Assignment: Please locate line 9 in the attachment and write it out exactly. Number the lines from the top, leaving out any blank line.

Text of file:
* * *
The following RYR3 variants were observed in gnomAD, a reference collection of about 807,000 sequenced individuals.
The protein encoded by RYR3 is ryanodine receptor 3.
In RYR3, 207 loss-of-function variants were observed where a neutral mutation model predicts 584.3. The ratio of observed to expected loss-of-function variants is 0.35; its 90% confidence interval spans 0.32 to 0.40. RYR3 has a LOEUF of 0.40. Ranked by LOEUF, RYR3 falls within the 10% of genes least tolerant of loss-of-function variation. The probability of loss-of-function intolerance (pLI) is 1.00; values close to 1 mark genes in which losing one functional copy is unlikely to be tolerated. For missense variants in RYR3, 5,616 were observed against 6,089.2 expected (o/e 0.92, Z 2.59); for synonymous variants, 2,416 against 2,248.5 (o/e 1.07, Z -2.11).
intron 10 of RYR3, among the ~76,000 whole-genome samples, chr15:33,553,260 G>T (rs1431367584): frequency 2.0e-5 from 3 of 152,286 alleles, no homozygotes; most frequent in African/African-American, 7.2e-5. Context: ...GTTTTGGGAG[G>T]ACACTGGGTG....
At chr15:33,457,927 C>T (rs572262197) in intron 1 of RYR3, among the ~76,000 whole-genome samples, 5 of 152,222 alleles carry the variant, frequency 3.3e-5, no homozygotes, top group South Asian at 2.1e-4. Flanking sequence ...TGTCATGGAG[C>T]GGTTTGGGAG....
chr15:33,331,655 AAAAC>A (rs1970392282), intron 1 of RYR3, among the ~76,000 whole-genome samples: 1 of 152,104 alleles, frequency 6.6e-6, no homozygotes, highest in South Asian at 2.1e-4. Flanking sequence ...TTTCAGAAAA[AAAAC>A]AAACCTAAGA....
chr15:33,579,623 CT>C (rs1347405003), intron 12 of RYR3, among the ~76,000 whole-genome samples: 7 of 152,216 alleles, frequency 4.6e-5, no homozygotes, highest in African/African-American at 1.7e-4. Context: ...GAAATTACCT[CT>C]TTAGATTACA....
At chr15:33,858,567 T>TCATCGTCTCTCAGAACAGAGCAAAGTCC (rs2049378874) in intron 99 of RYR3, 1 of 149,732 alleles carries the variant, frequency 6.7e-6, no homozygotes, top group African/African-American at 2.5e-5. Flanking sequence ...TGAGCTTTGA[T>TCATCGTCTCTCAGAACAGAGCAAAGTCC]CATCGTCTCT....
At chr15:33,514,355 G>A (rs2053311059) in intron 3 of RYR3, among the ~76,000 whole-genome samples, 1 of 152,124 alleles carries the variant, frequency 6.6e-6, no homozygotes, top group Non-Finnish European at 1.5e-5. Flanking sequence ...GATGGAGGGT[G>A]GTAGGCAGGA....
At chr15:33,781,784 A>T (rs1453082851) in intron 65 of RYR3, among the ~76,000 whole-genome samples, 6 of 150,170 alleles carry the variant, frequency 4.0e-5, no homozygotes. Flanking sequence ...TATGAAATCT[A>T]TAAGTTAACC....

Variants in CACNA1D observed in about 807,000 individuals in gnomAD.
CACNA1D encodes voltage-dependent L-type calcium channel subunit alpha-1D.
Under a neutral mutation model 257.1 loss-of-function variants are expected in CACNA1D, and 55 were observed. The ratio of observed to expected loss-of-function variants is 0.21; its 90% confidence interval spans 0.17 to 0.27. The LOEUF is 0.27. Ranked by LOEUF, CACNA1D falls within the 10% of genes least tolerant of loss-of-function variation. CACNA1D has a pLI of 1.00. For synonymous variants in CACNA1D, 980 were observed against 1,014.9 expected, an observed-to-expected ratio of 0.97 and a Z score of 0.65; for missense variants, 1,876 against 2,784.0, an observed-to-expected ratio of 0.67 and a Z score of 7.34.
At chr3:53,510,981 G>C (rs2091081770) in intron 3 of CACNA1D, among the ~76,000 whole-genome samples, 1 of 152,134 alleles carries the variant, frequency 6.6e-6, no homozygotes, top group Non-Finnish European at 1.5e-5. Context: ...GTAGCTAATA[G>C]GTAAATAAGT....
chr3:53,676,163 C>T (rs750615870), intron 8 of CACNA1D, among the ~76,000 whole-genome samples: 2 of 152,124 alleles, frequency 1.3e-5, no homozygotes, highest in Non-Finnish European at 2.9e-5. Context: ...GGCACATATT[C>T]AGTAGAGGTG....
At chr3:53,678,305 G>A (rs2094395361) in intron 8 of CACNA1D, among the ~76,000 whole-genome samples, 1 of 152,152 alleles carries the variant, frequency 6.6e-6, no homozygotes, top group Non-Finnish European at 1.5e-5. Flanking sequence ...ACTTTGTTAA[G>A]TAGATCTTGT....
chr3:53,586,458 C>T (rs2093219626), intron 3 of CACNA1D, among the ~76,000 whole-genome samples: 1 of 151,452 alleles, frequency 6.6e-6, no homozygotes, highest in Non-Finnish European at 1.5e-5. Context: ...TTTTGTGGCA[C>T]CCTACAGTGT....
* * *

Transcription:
At chr15:33,514,355 G>A (rs2053311059) in intron 3 of RYR3, among the ~76,000 whole-genome samples, 1 of 152,124 alleles carries the variant, frequency 6.6e-6, no homozygotes, top group Non-Finnish European at 1.5e-5. Flanking sequence ...GATGGAGGGT[G>A]GTAGGCAGGA....